These days Mike Yin spends most of his time in “the ghetto.”
That’s what his peers affectionately call the corner where they, the thoroughly outnumbered Democrats of the Wyoming House of Representatives, cluster for each legislative session.
When the 2019 Legislature opened Jan. 8 Teton County’s newest lawmaker took his seat to the right of Minority Leader Cathy Connolly, of Albany County, and in front of fellow Jackson Rep. Andy Schwartz. For the next month, until final adjournment, that’s where he’ll stay.
But if it were up to some Republicans, his place would be at their elbow, outside the nine-strong liberal nook.
As Yin strolled into the House chamber on a recent morning, Rep. Charles Pelkey, a fellow Democrat who represents Albany County, stopped him at the door to praise him for catching an obscure oversight in a bill passing through a committee he wasn’t even on.
“Greear came up to me this morning and goes ‘We got to move Michael over to our side,’” Pelkey said, referring to Republican Rep. Mike Greear, who for eight years has represented Big Horn and Washakie counties.
“We’re going to trade you like a future draft pick,” Pelkey went on. “You impressed the s--t out of them.”
Yin grinned and let out a hearty laugh.
“Oh, nice. Good to hear,” he said, before continuing into the chamber.
He wore a drab, tri-toned gray ensemble, his coat, shirt and tie all different shades. But modest dress aside, it’s hard to miss Yin at the Capitol: The young software developer defies the garden-variety image of a Wyoming politician.
As the state’s first Chinese-American legislator he’s often the only person of color in the room, and at 32 he’s almost as often the only unweathered face. Most of his colleagues on the Labor, Health and Social Services Committee and the Travel, Recreation, Wildlife and Cultural Resources Committee earned their degrees a decade or more before Yin was born.
That’s not the only reason he draws eyes, though. By all accounts Yin is steadily building a reputation for sound, nuanced analysis as he works to advance polished legislation.
“From what I’m hearing in the halls,” said Sen. Mike Gierau, another Teton County Democrat, “he has in short order become a real head-of-the-freshman-class kind of guy that is getting a lot of bipartisan notice.”
He caught Greear’s attention with a single word.
While studying the statewide lodging tax bill — which was then in the Minerals, Business and Economic Development Committee, of which Greear is chairman — he noticed a seemingly trivial detail with serious long-term consequences: On page 6, line 21, it needed to say “with” instead of “imposing” to ensure the tax will be distributed as the local ones are now. If not for Yin, the error might have gone undetected.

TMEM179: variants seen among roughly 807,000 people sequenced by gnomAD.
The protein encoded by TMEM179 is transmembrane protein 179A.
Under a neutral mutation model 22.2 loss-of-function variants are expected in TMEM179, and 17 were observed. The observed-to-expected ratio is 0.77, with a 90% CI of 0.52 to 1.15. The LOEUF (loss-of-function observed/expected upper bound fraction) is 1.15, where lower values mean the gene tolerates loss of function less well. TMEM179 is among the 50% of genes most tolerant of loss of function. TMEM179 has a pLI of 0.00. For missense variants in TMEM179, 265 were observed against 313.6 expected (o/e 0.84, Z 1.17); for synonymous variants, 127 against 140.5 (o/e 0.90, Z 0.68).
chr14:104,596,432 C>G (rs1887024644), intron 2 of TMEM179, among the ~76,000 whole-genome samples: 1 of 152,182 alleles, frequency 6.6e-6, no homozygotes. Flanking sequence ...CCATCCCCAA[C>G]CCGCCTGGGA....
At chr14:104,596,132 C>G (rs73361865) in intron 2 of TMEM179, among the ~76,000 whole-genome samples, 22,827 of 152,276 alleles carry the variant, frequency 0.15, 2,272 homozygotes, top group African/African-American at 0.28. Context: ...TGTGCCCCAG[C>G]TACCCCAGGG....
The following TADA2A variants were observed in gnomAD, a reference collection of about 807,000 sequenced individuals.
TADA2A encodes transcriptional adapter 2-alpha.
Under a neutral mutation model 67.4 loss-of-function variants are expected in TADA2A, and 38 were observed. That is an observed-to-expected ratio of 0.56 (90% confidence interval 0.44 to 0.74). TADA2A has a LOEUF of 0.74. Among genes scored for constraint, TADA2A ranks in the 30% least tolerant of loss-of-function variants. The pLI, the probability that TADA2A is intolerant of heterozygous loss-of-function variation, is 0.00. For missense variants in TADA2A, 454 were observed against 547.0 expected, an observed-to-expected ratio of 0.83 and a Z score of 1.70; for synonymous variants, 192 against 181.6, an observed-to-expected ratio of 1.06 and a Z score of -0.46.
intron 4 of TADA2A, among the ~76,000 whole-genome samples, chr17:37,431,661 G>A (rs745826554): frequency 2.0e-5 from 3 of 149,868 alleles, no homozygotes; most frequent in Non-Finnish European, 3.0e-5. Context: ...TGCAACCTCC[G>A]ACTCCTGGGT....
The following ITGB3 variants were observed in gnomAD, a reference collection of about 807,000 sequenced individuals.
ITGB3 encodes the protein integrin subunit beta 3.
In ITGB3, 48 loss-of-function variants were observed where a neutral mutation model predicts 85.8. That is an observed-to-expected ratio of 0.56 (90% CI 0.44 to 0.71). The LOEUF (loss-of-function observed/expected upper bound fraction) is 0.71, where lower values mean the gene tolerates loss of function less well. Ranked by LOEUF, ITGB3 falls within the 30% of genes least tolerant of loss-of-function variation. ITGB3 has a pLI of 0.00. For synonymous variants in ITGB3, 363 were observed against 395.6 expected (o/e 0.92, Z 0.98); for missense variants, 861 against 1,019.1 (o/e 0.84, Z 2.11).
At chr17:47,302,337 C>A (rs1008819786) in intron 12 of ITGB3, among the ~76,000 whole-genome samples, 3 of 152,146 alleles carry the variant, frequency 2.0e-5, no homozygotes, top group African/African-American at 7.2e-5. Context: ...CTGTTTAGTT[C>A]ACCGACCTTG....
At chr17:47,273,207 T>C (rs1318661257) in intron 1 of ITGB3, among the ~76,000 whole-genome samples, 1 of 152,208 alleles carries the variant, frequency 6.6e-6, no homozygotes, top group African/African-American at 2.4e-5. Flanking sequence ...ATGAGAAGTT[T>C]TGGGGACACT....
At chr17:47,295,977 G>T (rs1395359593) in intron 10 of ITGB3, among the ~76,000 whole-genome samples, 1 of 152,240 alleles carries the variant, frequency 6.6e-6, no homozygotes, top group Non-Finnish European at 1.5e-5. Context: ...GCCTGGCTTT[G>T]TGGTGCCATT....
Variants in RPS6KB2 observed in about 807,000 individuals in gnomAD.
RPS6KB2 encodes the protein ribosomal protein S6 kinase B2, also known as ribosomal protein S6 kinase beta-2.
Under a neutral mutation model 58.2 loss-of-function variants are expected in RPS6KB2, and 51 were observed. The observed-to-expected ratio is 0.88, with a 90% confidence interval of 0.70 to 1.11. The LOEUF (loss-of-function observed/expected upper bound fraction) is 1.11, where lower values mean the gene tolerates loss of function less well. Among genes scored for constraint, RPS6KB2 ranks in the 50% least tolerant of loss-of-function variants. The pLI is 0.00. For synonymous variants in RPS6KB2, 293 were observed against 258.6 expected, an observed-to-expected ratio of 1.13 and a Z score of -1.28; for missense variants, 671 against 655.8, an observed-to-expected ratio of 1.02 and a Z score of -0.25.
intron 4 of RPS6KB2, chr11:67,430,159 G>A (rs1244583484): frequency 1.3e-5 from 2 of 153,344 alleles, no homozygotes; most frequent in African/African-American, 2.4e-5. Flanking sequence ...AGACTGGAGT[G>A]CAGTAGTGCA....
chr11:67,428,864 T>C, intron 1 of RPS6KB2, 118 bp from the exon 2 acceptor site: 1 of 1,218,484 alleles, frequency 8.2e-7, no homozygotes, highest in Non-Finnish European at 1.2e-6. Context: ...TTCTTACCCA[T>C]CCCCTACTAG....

“He’s endearing himself to people,” Schwartz said. “He’s finding little mistakes in bills. Everybody looks at that and goes ‘Wow, I didn’t notice that.’”
At times he has brought his tech expertise to bear, as when he amended a blockchain bill to add provisions for consumer protection.
Aside from tidying other people’s legislation, he’s running his own to push issues from animal cruelty to overpriced prescription drugs (see sidebar and page 14).
One of Yin’s bills, however, died Tuesday by a slim margin.
The Corporations, Elections and Political Subdivisions Committee killed the Wyoming Pregnant Workers Fairness Act by a 5-4 vote, though Yin plans to pursue it in the interim.
Yin’s introduction to the Legislature came last year when he spent a week trailing Schwartz and Gierau and observing the Cheyenne scene, in preparation for his venture into the political sphere.
But even now, he said, “It’s kind of amazing how much work gets done so very, very quickly.” The Capitol has been a humming hive for the past few weeks, with little reprieve from dawn-to-dusk debate and swarming lobbyists.
Most evenings bring a reception for some organization or other. Yin said he attends all the ones with ties to his home base, like the Jackson Hole Classical Academy, even if he doesn’t support the bills. Regardless of disagreements, he said, he recognizes his duty to listen to constituents.
He’s working to forge relationships with a range of groups, from the trial lawyers to the contractors, and he carves out time for their events when he can — even if they aren’t always his cup of tea.
“They have these chocolate dump trucks,” he said of the Contractors Association. “Honestly, sometimes the dinners get a little too extravagant for my taste. But it’s definitely a good way to meet organizations that represent different parts of Wyoming that I frankly don’t know enough about.”
The bustling session and nightly homework demand most of his time. But he traveled home once for a three-day weekend, and when he’s more pressed for time he can escape to nearby Fort Collins, Colorado, or take “food field trips.” And when he turns in each night his domestic shorthair tabby, Finn, keeps him company in their Cheyenne suite.
“He’s hanging out with me,” Yin said. “It’s good after a long day to go back and chill with him.”
The two will return to Jackson come Feb. 27, with one session under their belts. Until then the fate of Yin’s bills and amendments remains unclear as they wade through the legislative machine.
But his keen perception and restrained competence are already charming hard-boiled lawmakers across the aisle, and Yin has become a point of pride for his political mentors.
“He’s not showboating,” Schwartz said. “He’s not jumping up and down, he doesn’t talk too much. But he’s thoughtful, and he’s doing a good job.”
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